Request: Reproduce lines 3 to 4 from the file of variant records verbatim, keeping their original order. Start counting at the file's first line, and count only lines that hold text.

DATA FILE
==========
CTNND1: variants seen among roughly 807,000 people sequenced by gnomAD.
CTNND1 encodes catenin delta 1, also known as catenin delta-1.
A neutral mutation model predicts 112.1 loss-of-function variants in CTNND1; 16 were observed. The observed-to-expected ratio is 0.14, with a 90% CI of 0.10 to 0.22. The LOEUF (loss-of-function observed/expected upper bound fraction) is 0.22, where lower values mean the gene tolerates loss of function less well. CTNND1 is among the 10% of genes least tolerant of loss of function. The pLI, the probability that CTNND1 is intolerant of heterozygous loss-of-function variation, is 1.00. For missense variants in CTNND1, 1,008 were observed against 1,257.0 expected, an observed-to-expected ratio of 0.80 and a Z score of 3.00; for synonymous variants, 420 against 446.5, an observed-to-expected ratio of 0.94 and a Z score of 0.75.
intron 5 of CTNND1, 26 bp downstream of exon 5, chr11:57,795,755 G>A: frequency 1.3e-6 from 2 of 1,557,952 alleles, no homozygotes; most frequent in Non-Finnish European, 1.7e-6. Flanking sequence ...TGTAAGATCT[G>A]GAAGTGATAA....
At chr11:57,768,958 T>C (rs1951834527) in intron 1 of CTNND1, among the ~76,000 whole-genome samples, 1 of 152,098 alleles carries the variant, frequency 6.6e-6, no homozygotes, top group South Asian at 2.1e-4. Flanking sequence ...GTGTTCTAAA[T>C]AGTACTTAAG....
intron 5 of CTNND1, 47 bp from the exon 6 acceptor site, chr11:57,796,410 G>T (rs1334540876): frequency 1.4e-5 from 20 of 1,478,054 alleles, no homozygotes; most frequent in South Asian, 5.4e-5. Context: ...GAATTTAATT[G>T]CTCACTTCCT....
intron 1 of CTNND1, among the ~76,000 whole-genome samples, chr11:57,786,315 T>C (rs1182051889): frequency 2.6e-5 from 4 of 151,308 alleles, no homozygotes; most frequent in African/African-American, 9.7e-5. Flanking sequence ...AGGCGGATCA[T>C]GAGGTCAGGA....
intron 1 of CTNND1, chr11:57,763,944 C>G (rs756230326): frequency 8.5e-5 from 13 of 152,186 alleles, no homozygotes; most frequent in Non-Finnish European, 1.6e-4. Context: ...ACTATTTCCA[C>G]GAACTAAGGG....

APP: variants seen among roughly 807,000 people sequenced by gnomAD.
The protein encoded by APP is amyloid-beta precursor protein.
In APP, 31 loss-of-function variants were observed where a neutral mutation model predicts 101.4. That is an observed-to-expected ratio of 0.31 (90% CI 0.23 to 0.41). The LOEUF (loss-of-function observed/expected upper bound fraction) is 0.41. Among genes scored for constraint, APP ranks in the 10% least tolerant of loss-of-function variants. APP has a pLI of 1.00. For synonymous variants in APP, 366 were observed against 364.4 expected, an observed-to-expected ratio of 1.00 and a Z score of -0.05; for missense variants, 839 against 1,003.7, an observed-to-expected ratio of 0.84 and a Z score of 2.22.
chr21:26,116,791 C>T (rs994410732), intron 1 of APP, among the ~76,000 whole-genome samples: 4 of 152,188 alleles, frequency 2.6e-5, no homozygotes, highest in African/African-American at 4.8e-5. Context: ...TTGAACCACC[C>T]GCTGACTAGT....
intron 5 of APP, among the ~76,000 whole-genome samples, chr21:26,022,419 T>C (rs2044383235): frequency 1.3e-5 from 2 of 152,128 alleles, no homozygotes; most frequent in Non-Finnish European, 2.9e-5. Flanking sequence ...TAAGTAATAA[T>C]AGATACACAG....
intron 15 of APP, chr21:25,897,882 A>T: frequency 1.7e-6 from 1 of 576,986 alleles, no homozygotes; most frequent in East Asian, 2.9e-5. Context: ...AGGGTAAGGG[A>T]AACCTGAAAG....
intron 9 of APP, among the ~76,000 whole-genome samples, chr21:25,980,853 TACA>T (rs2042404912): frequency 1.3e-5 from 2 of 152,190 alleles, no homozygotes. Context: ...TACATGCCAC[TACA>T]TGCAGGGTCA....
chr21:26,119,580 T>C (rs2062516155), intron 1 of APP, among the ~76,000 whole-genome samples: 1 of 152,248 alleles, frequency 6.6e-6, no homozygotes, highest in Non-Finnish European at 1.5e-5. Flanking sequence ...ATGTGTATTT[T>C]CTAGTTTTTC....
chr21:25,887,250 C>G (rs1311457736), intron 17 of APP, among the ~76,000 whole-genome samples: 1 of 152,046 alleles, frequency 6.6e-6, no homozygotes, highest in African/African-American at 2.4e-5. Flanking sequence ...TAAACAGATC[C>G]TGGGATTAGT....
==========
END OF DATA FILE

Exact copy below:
A neutral mutation model predicts 112.1 loss-of-function variants in CTNND1; 16 were observed. The observed-to-expected ratio is 0.14, with a 90% CI of 0.10 to 0.22. The LOEUF (loss-of-function observed/expected upper bound fraction) is 0.22, where lower values mean the gene tolerates loss of function less well. CTNND1 is among the 10% of genes least tolerant of loss of function. The pLI, the probability that CTNND1 is intolerant of heterozygous loss-of-function variation, is 1.00. For missense variants in CTNND1, 1,008 were observed against 1,257.0 expected, an observed-to-expected ratio of 0.80 and a Z score of 3.00; for synonymous variants, 420 against 446.5, an observed-to-expected ratio of 0.94 and a Z score of 0.75.
intron 5 of CTNND1, 26 bp downstream of exon 5, chr11:57,795,755 G>A: frequency 1.3e-6 from 2 of 1,557,952 alleles, no homozygotes; most frequent in Non-Finnish European, 1.7e-6. Flanking sequence ...TGTAAGATCT[G>A]GAAGTGATAA....